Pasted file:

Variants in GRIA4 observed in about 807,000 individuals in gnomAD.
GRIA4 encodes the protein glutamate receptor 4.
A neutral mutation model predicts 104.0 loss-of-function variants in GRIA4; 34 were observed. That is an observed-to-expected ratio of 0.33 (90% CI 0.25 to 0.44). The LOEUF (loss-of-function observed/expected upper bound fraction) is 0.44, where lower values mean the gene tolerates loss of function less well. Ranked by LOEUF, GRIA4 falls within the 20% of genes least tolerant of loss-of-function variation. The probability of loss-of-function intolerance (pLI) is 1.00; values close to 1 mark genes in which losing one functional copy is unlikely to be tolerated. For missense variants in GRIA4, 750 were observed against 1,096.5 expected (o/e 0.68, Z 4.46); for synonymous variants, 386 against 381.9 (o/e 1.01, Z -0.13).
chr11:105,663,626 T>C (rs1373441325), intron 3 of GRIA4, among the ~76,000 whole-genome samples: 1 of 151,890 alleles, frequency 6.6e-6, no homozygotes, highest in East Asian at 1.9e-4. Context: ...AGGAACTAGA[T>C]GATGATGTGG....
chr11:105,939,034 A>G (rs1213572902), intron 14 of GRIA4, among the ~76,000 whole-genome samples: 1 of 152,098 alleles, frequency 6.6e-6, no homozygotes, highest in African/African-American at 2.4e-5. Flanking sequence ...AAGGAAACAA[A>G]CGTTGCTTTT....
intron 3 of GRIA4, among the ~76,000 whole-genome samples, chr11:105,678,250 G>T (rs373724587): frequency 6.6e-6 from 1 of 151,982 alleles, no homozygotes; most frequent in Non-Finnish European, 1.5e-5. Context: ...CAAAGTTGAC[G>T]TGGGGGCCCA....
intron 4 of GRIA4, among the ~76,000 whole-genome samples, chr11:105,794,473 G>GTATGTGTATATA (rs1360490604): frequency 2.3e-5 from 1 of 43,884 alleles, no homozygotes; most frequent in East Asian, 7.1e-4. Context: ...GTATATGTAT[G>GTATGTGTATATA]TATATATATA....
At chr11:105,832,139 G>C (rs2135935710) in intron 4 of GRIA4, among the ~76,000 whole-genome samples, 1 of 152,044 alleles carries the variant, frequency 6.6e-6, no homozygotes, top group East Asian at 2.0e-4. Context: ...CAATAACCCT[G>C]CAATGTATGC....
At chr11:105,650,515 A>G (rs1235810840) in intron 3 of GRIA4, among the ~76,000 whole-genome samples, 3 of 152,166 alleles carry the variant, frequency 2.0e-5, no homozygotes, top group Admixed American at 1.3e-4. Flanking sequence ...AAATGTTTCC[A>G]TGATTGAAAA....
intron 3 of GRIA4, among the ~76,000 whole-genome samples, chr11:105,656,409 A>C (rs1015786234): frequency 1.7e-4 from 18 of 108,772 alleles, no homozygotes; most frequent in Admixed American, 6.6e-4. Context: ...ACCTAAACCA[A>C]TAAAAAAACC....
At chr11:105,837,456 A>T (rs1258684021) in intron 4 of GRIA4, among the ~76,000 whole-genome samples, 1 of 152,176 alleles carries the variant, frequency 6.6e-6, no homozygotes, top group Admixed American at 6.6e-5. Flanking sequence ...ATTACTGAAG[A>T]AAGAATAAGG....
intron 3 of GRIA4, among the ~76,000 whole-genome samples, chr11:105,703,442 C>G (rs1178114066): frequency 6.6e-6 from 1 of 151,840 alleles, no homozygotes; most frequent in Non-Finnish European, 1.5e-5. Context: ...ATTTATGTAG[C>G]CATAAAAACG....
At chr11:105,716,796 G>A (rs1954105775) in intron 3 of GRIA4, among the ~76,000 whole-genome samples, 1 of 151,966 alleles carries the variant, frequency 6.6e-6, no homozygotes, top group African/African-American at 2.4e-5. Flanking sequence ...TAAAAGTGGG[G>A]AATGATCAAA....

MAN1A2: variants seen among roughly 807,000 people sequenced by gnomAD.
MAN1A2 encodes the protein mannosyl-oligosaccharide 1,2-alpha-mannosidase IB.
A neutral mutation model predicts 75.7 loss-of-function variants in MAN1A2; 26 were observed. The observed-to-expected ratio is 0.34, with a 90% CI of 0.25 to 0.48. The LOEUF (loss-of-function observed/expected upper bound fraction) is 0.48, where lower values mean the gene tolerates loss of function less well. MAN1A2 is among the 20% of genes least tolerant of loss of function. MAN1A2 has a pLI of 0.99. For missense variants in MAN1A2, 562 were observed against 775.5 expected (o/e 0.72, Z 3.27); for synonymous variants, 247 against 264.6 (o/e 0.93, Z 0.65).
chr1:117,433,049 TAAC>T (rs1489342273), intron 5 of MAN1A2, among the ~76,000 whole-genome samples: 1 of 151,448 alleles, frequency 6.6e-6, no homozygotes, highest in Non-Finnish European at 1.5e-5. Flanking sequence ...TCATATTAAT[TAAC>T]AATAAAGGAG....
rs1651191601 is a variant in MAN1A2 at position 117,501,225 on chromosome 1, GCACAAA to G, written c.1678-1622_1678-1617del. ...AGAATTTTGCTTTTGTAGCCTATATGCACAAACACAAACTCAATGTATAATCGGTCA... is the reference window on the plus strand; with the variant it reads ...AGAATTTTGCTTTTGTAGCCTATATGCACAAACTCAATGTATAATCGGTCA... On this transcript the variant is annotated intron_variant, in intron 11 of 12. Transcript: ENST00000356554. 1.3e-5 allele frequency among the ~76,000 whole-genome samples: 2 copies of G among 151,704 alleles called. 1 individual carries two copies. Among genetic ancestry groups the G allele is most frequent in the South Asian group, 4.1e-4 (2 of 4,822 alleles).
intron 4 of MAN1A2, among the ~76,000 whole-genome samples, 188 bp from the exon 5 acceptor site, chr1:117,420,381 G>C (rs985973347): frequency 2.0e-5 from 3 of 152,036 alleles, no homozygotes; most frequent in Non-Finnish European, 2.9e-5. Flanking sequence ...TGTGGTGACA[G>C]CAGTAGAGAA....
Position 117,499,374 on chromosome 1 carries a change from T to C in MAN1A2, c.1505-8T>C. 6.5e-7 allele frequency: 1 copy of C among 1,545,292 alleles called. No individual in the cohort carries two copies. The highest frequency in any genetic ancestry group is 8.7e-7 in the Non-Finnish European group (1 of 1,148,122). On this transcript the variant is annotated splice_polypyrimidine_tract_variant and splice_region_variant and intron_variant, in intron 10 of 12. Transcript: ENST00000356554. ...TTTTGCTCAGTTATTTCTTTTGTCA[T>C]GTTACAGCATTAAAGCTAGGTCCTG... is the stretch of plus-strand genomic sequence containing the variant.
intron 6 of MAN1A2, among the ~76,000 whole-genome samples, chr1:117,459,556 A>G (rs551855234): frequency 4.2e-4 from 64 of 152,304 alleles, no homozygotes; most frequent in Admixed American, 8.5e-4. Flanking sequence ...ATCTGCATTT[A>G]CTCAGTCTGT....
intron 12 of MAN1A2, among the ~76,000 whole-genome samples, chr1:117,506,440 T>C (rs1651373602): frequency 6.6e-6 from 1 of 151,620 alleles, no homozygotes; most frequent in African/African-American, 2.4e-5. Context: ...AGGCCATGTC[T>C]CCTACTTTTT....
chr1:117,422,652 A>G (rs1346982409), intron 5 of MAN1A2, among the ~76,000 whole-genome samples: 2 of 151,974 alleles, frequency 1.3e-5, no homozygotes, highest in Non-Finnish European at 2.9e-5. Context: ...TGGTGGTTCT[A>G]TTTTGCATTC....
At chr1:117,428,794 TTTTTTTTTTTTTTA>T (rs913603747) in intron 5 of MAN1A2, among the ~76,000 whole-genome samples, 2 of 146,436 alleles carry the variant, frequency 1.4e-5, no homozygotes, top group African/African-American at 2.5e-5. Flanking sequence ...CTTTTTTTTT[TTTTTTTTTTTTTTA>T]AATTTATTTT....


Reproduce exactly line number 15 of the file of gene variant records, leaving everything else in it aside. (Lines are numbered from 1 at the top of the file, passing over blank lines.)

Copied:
MAN1A2 encodes the protein mannosyl-oligosaccharide 1,2-alpha-mannosidase IB.